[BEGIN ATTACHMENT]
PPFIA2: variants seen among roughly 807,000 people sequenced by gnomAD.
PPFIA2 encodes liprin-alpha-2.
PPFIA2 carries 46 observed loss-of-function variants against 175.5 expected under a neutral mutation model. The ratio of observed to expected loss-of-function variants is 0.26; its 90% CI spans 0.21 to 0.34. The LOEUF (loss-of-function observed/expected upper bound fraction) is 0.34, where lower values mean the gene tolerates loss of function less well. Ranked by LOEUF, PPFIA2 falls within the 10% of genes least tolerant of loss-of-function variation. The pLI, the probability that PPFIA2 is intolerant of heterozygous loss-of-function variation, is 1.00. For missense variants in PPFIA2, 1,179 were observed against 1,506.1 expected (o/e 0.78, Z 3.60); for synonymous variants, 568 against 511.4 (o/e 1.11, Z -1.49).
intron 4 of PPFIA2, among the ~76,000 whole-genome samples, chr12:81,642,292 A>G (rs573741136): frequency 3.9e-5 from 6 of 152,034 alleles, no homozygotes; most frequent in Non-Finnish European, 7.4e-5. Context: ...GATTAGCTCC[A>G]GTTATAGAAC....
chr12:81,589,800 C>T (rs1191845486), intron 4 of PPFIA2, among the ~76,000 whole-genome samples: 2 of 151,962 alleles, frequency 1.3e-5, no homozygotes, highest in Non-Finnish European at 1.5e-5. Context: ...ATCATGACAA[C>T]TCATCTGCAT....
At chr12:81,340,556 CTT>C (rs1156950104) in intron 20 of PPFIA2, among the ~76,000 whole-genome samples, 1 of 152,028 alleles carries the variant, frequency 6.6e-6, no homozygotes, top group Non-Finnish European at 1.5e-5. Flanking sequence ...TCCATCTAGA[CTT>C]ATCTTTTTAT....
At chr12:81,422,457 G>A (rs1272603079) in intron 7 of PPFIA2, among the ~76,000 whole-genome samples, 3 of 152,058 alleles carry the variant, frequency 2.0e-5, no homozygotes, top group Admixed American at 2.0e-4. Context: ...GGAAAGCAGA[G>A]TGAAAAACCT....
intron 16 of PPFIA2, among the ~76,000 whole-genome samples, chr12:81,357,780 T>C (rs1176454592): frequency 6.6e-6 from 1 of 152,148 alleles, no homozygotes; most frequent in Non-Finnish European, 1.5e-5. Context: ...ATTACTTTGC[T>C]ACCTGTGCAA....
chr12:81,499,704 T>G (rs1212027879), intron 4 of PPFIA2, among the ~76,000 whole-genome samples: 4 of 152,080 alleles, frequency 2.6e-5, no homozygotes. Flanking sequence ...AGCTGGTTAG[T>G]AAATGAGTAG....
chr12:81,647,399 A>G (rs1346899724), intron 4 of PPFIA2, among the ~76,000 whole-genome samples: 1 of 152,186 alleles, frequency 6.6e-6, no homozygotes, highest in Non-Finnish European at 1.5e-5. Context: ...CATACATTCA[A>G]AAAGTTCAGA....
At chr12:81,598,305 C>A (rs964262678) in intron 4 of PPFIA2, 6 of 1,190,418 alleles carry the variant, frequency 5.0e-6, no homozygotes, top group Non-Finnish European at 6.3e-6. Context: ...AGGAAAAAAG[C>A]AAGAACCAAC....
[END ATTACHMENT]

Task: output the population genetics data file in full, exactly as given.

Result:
PPFIA2: variants seen among roughly 807,000 people sequenced by gnomAD.
PPFIA2 encodes liprin-alpha-2.
PPFIA2 carries 46 observed loss-of-function variants against 175.5 expected under a neutral mutation model. The ratio of observed to expected loss-of-function variants is 0.26; its 90% CI spans 0.21 to 0.34. The LOEUF (loss-of-function observed/expected upper bound fraction) is 0.34, where lower values mean the gene tolerates loss of function less well. Ranked by LOEUF, PPFIA2 falls within the 10% of genes least tolerant of loss-of-function variation. The pLI, the probability that PPFIA2 is intolerant of heterozygous loss-of-function variation, is 1.00. For missense variants in PPFIA2, 1,179 were observed against 1,506.1 expected (o/e 0.78, Z 3.60); for synonymous variants, 568 against 511.4 (o/e 1.11, Z -1.49).
intron 4 of PPFIA2, among the ~76,000 whole-genome samples, chr12:81,642,292 A>G (rs573741136): frequency 3.9e-5 from 6 of 152,034 alleles, no homozygotes; most frequent in Non-Finnish European, 7.4e-5. Context: ...GATTAGCTCC[A>G]GTTATAGAAC....
chr12:81,589,800 C>T (rs1191845486), intron 4 of PPFIA2, among the ~76,000 whole-genome samples: 2 of 151,962 alleles, frequency 1.3e-5, no homozygotes, highest in Non-Finnish European at 1.5e-5. Context: ...ATCATGACAA[C>T]TCATCTGCAT....
At chr12:81,340,556 CTT>C (rs1156950104) in intron 20 of PPFIA2, among the ~76,000 whole-genome samples, 1 of 152,028 alleles carries the variant, frequency 6.6e-6, no homozygotes, top group Non-Finnish European at 1.5e-5. Flanking sequence ...TCCATCTAGA[CTT>C]ATCTTTTTAT....
At chr12:81,422,457 G>A (rs1272603079) in intron 7 of PPFIA2, among the ~76,000 whole-genome samples, 3 of 152,058 alleles carry the variant, frequency 2.0e-5, no homozygotes, top group Admixed American at 2.0e-4. Context: ...GGAAAGCAGA[G>A]TGAAAAACCT....
intron 16 of PPFIA2, among the ~76,000 whole-genome samples, chr12:81,357,780 T>C (rs1176454592): frequency 6.6e-6 from 1 of 152,148 alleles, no homozygotes; most frequent in Non-Finnish European, 1.5e-5. Context: ...ATTACTTTGC[T>C]ACCTGTGCAA....
chr12:81,499,704 T>G (rs1212027879), intron 4 of PPFIA2, among the ~76,000 whole-genome samples: 4 of 152,080 alleles, frequency 2.6e-5, no homozygotes. Flanking sequence ...AGCTGGTTAG[T>G]AAATGAGTAG....
chr12:81,647,399 A>G (rs1346899724), intron 4 of PPFIA2, among the ~76,000 whole-genome samples: 1 of 152,186 alleles, frequency 6.6e-6, no homozygotes, highest in Non-Finnish European at 1.5e-5. Context: ...CATACATTCA[A>G]AAAGTTCAGA....
At chr12:81,598,305 C>A (rs964262678) in intron 4 of PPFIA2, 6 of 1,190,418 alleles carry the variant, frequency 5.0e-6, no homozygotes, top group Non-Finnish European at 6.3e-6. Context: ...AGGAAAAAAG[C>A]AAGAACCAAC....